Heidy Truman died after being shot in the head. Her husband claims they had been at home together watching TV and drinking the night she died, bantering and teasing each other.


He has never shown any remorse. It has always been about him and how sad and how hard it is for him. There is nothing worse than having your child deliberately ripped from you. … It feels good to know that finally the story, the chapter has ended and we can now move forward.

–Janey Wagner, Heidy Truman's mother


Heidy Truman had gone to take a shower when Conrad Truman claimed he heard a popping noise, then found his wife collapsed with a gunshot wound to the head.

Conrad Truman has maintained his innocence from the beginning, telling police at different times that she had shot herself accidentally, speculating on why she may have killed herself, or saying that she had been shot by an intruder.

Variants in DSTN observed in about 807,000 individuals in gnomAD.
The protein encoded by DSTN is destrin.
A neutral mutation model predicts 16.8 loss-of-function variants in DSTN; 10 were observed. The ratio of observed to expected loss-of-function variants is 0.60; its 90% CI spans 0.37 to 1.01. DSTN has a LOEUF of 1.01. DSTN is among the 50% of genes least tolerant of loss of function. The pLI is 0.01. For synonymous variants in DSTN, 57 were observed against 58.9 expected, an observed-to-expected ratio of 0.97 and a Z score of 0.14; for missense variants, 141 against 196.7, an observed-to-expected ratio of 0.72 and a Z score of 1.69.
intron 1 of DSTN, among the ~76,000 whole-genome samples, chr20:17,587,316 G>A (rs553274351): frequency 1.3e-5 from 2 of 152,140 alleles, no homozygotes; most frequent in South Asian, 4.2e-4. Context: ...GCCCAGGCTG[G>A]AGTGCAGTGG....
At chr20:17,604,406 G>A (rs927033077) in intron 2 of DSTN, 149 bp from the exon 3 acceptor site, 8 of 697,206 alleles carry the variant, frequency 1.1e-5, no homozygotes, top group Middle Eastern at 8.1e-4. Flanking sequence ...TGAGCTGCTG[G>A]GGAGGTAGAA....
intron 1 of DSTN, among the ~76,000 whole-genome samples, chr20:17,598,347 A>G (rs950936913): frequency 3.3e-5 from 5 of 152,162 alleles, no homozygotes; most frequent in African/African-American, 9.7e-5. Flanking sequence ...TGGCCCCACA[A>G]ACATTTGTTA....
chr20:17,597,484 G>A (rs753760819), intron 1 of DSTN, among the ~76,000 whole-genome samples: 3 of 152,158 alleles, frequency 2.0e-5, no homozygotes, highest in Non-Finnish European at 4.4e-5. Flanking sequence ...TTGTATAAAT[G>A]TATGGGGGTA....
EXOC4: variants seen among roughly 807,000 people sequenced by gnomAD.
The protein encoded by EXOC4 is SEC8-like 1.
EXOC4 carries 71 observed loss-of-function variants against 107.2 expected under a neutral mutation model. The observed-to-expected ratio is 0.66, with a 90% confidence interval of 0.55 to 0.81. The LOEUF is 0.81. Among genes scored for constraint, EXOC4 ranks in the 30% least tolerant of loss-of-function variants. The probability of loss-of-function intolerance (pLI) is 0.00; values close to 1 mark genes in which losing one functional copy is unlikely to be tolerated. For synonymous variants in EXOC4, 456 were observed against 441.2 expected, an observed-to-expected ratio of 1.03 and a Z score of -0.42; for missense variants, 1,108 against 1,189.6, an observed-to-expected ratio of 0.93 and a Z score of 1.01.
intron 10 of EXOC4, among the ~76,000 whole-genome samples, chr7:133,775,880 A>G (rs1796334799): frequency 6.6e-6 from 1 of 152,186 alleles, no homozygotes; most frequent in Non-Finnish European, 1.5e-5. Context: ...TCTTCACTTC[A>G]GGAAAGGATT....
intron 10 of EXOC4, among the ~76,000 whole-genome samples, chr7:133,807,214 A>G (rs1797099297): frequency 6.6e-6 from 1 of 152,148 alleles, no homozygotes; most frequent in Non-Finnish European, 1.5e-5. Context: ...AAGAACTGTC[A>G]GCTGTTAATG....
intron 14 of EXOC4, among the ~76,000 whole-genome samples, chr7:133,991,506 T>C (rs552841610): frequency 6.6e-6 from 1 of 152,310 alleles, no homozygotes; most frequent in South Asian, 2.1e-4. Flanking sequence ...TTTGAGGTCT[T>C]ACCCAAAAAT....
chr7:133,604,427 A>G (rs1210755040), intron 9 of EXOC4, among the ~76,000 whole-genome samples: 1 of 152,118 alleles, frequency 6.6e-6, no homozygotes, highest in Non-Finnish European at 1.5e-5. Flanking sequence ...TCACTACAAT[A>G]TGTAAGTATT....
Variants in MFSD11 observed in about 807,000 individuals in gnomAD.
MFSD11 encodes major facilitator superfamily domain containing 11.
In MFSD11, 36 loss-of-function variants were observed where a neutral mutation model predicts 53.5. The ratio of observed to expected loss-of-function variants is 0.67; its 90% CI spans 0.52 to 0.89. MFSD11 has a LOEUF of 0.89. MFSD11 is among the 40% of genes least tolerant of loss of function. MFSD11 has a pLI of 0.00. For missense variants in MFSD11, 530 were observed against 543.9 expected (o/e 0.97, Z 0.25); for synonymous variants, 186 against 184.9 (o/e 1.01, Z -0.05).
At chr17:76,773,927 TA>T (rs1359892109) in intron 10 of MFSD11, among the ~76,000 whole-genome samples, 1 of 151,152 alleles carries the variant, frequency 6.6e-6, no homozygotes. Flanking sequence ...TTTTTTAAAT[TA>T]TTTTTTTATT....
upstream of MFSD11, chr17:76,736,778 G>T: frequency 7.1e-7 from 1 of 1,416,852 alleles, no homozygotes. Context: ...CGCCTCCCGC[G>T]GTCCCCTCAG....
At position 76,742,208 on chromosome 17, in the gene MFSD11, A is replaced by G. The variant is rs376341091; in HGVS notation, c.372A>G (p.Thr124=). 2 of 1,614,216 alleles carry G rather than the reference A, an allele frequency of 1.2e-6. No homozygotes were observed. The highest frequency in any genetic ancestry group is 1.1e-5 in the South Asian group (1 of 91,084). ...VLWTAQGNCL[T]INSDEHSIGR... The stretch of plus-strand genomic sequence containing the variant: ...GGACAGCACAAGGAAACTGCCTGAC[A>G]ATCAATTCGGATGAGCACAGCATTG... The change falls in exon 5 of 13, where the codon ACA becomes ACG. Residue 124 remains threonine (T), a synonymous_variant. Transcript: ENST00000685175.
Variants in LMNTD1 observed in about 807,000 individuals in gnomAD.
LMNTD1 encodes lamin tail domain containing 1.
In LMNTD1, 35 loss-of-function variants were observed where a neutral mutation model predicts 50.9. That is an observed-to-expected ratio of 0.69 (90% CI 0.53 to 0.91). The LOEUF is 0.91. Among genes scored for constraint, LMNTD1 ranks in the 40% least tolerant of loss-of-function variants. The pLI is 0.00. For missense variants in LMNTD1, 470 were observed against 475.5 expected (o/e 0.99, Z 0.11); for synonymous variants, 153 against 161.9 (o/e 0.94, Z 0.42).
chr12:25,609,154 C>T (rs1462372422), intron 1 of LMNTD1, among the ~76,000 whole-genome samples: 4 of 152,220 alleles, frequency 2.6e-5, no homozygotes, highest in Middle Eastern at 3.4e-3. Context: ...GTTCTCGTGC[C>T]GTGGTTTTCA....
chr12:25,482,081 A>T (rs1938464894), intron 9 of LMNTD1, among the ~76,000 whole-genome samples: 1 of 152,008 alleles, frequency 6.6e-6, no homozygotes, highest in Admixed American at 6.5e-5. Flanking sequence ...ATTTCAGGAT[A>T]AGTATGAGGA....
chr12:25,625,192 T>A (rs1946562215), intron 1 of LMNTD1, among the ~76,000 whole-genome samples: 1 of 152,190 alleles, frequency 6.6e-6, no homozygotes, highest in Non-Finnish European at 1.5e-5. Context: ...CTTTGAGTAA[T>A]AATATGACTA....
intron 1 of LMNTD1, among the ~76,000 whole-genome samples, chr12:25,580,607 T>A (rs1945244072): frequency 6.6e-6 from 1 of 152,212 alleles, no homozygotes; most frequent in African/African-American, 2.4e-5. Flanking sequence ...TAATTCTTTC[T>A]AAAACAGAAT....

Police and paramedics testified Conrad Truman was angry and irrational when they arrived at the home, threatening to kill them if they didn't save her life. While they said his behavior was "completely out of the norm," Conrad Truman said Monday that he was traumatized and his reaction was unsurprising in the chaos after his wife's shooting.

"How could a guy calm down (when) presented with these factors?" Conrad Truman said, describing his wife lying bleeding and unconscious on the floor.

The speech also attacked investigators who were at the house the night of the shooting and prosecutors in the case.